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How to Write a Critical Essay

Academic essays are an essential tool used by tutors to assess students' progression. It's as ancient as brick-and-mortar institutions, but equally charming as vintage. Different types of these essays carry with it unique challenges; the oft-sought, however, involves critical essay writing.

This particular essay requires students to demonstrate a special skill: the students' critical analysis. It requires them to actively immerse in the debate - that is silently occurring in paper. Such high level of engagement demands intensive focus from students. This presents a lot of challenges along with consistent constraints to students' time and resources.

In the light of this dilemma, Essay Writer has come in aide; its in-house experts have laboured to prepare the following mini-checklist:

  • Argument. The central core of critical essays is the argument. Depending in the character limit prescribed upon your essays, these critical pieces often warrant the presentation of several arguments - with one reigning as a main argument.

    Some arguments serve to strengthen your main argument; others are meant to challenge it. Students are encouraged to pull as much counterarguments as supporting arguments; this comprehensive scope ensures a balanced and well-rounded approach (which provides higher merits).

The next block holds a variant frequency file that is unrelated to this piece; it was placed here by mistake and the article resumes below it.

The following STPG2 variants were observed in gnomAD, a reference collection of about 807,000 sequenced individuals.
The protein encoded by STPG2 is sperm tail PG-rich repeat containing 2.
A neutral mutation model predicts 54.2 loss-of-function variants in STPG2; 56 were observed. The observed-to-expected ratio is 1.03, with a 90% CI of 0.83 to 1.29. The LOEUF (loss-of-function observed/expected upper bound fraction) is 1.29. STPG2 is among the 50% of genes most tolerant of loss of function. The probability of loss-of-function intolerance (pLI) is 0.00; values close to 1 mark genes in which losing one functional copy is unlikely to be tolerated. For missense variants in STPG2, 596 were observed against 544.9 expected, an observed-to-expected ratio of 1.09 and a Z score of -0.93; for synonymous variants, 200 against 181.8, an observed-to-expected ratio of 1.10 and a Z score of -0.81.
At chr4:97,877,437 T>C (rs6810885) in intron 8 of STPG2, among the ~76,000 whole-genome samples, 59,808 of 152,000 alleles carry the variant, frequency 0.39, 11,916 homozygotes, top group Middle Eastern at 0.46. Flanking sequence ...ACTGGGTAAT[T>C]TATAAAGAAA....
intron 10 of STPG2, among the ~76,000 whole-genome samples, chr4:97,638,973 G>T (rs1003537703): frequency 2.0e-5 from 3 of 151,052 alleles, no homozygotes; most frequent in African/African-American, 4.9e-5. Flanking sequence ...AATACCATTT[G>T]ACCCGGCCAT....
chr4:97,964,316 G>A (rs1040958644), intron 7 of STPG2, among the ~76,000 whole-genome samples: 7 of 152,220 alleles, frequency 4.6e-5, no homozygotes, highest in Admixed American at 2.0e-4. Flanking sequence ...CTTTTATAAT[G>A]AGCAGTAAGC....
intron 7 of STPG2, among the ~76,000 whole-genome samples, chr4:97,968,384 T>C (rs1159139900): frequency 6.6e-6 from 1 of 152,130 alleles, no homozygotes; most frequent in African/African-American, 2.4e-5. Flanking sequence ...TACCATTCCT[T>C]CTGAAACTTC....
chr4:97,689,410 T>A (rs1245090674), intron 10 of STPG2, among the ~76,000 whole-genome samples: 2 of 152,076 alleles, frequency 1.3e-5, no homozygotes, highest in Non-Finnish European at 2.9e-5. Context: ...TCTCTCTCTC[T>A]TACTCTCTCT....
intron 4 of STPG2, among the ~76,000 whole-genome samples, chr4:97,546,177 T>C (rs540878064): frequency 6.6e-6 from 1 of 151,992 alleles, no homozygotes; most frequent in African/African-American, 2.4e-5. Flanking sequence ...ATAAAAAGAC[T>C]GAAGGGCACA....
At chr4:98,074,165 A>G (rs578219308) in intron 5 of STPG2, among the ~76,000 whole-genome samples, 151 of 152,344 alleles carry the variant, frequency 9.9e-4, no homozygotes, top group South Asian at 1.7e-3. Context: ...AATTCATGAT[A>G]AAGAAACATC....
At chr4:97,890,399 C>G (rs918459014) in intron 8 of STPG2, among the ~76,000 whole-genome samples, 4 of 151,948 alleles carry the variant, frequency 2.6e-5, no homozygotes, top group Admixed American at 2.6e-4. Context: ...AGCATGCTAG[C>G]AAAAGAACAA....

• Coherent. A uniform necessity for all academic essays is that it maintains cohesion. It is not enough to simply pull and borrow texts from established authors or credible resources; planning and extra work has to be exerted to ensure that these concepts tie and mesh well with the rest of the parts of a critical essay.

  • Outline. Another general requirement for academic essays is organisation. To make this feasible, the essay had to be a subject of some serious kind of planning, the output of which is a flexible outline.

    This outline almost always consists of the basics: an introduction, main body, and a conclusion. But it should also accommodate further subheadings to visually improve the division of arguments made by point or a set of specific criteria.

  • Evidence. Apart from supporting arguments, evidence has to be brought into the writing scene. Students are encouraged to collect and assess different materials, as well as, present them at a manner befitting the development of arguments or the main argument.

    This collection and citation will eventually tap on the proper application of a referencing style. Difficulties involved in this part can be immediately remedied by free referencing tools, like Essay Writer's Harvard Referencing Generator.

  • Limitations. Lastly, with the inherent nature of almost all kinds of evidences, students are obliged to bring about its limitations. Any particular weakness could cause a significant impact in the way arguments are perceived, which adds an incentive to aim for well-honed (and combed) arguments.

Apart from using this checklist as a guide, students can always get professional help through Essay Writer's critical essay writing service.

The service was designed to support students' writing routine from every step in the process - be it from collecting evidence, to drafting, and up to revisions (unlimited revisions within a week!). Students may avail of this invaluable service by dropping us an email message, as well as, via phone and live chats.

Learn about the benefits of writing an essay with us! Visit our services for details and see how we can help you

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